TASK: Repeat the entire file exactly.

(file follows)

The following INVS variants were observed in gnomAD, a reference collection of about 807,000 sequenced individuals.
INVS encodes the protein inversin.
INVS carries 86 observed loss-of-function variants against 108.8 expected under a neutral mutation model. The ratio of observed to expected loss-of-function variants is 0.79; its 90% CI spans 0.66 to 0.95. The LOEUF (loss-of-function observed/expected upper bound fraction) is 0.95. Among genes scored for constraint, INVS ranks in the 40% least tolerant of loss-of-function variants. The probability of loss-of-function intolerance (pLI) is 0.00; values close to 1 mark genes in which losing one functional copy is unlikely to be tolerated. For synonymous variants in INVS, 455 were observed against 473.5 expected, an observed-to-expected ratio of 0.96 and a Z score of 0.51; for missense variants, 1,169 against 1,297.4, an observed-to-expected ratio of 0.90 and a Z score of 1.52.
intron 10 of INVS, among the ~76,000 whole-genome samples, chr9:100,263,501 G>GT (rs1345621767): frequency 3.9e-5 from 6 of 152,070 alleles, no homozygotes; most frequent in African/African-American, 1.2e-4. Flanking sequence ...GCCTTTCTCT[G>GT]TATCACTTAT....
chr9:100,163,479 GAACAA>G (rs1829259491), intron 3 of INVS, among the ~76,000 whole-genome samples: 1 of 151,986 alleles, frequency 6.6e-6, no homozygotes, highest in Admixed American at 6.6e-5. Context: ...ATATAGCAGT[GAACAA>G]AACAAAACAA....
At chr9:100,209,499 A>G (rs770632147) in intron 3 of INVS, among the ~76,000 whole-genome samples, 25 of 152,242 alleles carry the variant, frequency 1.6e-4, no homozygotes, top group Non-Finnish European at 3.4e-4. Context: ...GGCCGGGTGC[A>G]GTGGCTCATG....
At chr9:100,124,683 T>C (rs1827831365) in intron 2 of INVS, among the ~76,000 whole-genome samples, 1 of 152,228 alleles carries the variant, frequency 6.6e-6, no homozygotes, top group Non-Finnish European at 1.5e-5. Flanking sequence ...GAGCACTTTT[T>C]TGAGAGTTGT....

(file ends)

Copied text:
The following INVS variants were observed in gnomAD, a reference collection of about 807,000 sequenced individuals.
INVS encodes the protein inversin.
INVS carries 86 observed loss-of-function variants against 108.8 expected under a neutral mutation model. The ratio of observed to expected loss-of-function variants is 0.79; its 90% CI spans 0.66 to 0.95. The LOEUF (loss-of-function observed/expected upper bound fraction) is 0.95. Among genes scored for constraint, INVS ranks in the 40% least tolerant of loss-of-function variants. The probability of loss-of-function intolerance (pLI) is 0.00; values close to 1 mark genes in which losing one functional copy is unlikely to be tolerated. For synonymous variants in INVS, 455 were observed against 473.5 expected, an observed-to-expected ratio of 0.96 and a Z score of 0.51; for missense variants, 1,169 against 1,297.4, an observed-to-expected ratio of 0.90 and a Z score of 1.52.
intron 10 of INVS, among the ~76,000 whole-genome samples, chr9:100,263,501 G>GT (rs1345621767): frequency 3.9e-5 from 6 of 152,070 alleles, no homozygotes; most frequent in African/African-American, 1.2e-4. Flanking sequence ...GCCTTTCTCT[G>GT]TATCACTTAT....
chr9:100,163,479 GAACAA>G (rs1829259491), intron 3 of INVS, among the ~76,000 whole-genome samples: 1 of 151,986 alleles, frequency 6.6e-6, no homozygotes, highest in Admixed American at 6.6e-5. Context: ...ATATAGCAGT[GAACAA>G]AACAAAACAA....
At chr9:100,209,499 A>G (rs770632147) in intron 3 of INVS, among the ~76,000 whole-genome samples, 25 of 152,242 alleles carry the variant, frequency 1.6e-4, no homozygotes, top group Non-Finnish European at 3.4e-4. Context: ...GGCCGGGTGC[A>G]GTGGCTCATG....
At chr9:100,124,683 T>C (rs1827831365) in intron 2 of INVS, among the ~76,000 whole-genome samples, 1 of 152,228 alleles carries the variant, frequency 6.6e-6, no homozygotes, top group Non-Finnish European at 1.5e-5. Flanking sequence ...GAGCACTTTT[T>C]TGAGAGTTGT....